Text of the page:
Water temps favorable for largemouth bass

Published 12:59 am Sunday, November 22, 2009

Water temperatures are fast approaching a very favorable degree for catching big largemouth bass.

Last weekend the average surface water temps ranged from 65 to 67 degrees. The largemouth bass have left the shallows for the most part.

A few small fish were caught on lipless crankbaits like the Bill Lewis Rat-L-Trap from thin water, but big fish were not shallow. I moved off the banks to water depths of about 6 to 8 feet and landed a couple bass over three pounds and a half dozen two-pound fish.

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Just to see if that was the pattern for the weekend I moved even deeper, to the 10 to 15 feet depths. I did not get a bite from the deeper waters but that will soon change.

A heavy overcast sky yesterday combined with the cold rain lowered the water temperatures a few more degrees and that is exactly what we need to move the big bass out to the deeper cover.

On lakes like St. John, Bruin and Concordia the only cover you will find deeper than 10 feet is manmade cover and manmade cover in the form of brush piles sunk by the local fishermen will be the rule for big bass once the water temperatures drop below 60 degrees.

In other words, we are so very close to conditions being perfect to catch some really big bass off deep cover. In late November and early December I fish backwards, meaning I start out deep and by midday, if the sun is out, I make the move to shallow water.

The deep bite is usually better early in the morning while most fishermen fish shallow first and deep later. The reason I believe this pattern is successful is the sun warms the shallows a few degrees and the bait fish tend to move shallow during the middle of the day and the bass follow the bait.

Lure choices and colors are not as important as location because you cannot catch what is not there. So many people think color is the key and color is way down my list of important factors. Location, the type of cover and a lure that will effectively pick that cover a part is the key to success in the world of bass fishing.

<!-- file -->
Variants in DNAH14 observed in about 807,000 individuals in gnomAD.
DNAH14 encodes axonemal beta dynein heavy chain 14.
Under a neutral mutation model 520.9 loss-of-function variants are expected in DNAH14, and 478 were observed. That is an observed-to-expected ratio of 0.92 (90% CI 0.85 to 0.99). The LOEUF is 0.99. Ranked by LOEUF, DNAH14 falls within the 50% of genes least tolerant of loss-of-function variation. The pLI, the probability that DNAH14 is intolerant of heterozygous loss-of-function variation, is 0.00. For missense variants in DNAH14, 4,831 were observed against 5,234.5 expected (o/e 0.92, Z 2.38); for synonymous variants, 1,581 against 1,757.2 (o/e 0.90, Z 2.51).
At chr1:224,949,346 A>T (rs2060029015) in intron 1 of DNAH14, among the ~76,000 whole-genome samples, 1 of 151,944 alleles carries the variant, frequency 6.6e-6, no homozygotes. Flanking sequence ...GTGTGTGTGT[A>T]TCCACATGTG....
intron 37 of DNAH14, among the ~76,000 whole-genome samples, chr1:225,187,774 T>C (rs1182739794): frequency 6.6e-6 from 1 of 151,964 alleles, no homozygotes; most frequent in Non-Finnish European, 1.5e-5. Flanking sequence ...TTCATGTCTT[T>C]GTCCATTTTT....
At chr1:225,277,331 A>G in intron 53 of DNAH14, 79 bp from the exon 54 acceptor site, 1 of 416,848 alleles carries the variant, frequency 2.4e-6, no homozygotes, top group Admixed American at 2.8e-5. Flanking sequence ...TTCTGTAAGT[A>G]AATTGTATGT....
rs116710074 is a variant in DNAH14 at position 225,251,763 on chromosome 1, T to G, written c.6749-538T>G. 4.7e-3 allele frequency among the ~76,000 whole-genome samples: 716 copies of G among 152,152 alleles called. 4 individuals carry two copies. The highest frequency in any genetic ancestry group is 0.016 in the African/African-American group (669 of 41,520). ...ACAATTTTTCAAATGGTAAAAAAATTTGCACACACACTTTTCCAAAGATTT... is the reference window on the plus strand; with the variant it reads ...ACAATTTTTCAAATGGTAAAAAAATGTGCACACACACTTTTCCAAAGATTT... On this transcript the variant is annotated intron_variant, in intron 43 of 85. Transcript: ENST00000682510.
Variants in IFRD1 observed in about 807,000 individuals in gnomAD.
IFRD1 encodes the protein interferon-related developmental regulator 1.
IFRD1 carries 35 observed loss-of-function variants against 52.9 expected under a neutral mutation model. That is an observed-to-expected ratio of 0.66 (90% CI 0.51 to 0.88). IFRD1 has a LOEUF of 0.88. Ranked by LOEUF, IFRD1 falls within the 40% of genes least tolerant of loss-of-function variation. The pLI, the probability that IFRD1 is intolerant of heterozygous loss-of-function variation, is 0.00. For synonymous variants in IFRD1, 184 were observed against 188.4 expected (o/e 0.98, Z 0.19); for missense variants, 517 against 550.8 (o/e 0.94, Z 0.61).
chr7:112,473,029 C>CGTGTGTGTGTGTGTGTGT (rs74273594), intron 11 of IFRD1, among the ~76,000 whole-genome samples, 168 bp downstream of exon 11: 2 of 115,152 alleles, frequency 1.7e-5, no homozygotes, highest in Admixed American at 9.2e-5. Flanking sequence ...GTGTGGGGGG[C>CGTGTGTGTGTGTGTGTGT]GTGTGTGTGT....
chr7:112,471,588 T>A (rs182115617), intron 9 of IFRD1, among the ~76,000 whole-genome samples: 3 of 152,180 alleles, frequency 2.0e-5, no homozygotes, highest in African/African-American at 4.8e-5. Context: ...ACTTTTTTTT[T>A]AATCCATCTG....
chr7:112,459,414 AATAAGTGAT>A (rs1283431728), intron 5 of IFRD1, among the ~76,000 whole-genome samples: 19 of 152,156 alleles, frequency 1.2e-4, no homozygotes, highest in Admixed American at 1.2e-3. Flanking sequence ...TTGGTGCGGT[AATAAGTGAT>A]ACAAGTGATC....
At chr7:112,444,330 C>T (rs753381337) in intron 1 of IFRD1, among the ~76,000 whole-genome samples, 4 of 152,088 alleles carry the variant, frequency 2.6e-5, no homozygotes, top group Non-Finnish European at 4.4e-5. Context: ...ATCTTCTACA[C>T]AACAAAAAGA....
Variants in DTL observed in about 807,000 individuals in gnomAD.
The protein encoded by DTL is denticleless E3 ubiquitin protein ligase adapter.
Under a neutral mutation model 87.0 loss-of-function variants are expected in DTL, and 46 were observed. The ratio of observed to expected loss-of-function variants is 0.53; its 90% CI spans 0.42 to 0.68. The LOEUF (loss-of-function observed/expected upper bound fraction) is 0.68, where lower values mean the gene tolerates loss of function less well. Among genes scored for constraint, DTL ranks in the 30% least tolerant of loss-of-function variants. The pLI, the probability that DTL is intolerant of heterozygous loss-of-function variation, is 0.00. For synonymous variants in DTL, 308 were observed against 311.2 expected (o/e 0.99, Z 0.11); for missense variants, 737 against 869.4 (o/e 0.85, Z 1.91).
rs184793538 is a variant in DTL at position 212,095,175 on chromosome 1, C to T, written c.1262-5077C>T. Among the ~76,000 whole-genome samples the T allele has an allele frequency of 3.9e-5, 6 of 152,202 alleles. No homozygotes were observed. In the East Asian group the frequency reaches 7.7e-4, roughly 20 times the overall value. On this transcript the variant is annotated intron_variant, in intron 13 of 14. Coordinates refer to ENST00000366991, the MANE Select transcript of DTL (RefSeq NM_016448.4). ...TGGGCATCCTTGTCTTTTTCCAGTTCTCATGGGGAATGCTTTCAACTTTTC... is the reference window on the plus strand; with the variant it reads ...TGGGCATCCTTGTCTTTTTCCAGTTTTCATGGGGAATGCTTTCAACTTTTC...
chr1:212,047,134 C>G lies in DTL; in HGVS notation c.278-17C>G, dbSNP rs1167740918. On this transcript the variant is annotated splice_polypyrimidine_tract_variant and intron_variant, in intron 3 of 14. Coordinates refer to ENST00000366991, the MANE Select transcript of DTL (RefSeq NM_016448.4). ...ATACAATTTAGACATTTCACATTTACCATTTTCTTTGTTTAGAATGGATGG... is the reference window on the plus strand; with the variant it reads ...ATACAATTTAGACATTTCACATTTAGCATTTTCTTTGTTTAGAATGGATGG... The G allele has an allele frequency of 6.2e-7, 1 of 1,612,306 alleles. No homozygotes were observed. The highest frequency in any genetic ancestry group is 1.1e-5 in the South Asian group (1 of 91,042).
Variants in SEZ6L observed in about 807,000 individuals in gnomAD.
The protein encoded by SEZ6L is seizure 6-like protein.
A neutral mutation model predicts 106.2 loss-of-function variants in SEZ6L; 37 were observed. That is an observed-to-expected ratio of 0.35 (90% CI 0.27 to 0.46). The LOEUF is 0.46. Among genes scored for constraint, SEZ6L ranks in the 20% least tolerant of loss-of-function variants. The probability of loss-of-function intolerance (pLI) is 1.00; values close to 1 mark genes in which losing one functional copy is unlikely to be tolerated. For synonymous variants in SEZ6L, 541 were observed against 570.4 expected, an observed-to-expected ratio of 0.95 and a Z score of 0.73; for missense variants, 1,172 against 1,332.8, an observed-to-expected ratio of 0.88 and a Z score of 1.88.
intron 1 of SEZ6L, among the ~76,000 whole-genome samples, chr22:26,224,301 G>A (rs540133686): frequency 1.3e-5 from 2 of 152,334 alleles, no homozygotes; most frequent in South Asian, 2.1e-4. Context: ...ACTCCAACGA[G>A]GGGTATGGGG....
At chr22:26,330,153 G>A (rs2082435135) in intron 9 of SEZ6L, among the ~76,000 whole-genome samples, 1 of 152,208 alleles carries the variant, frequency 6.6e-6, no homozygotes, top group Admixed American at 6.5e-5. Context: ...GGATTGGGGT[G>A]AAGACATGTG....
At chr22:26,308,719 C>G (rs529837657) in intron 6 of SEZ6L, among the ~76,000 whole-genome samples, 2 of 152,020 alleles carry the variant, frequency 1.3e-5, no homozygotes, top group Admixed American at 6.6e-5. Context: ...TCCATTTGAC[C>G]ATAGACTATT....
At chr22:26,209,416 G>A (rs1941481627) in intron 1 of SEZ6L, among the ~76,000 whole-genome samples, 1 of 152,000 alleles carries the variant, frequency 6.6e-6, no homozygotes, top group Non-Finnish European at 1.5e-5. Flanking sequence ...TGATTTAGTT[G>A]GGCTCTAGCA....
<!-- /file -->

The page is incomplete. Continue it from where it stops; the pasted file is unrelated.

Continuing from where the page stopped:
From now through February I can basically fish from one small tackle box. If you’re new to cold water fishing buy a few jigs and trailers and learn to use them. The jig, with some type of soft plastic trailer, is the number one big bass producer in this area.

Another good lure that the locals are having a lot of success with is Reaction’s Sweet Beaver. This unique flat bodied lure falls with a gliding motion and will trigger strikes from bass that are reluctant to strike a jig.

The same thing goes for the flipping tubes. Tubes fall with a spiral motion and at times that’s what the bass want. As far as hard plastic baits in the winter months I only use two. Try Bomber 7A crankbaits and Rat-L-Traps.

As winter progresses and water temps really crash, try jigging spoons. Cold water fishing in this area can be very productive if you know where to go and what to throw.

Eddie Roberts writes a weekly fishing column for The Democrat. He can be reached at fishingwitheddie@bellsouth.net.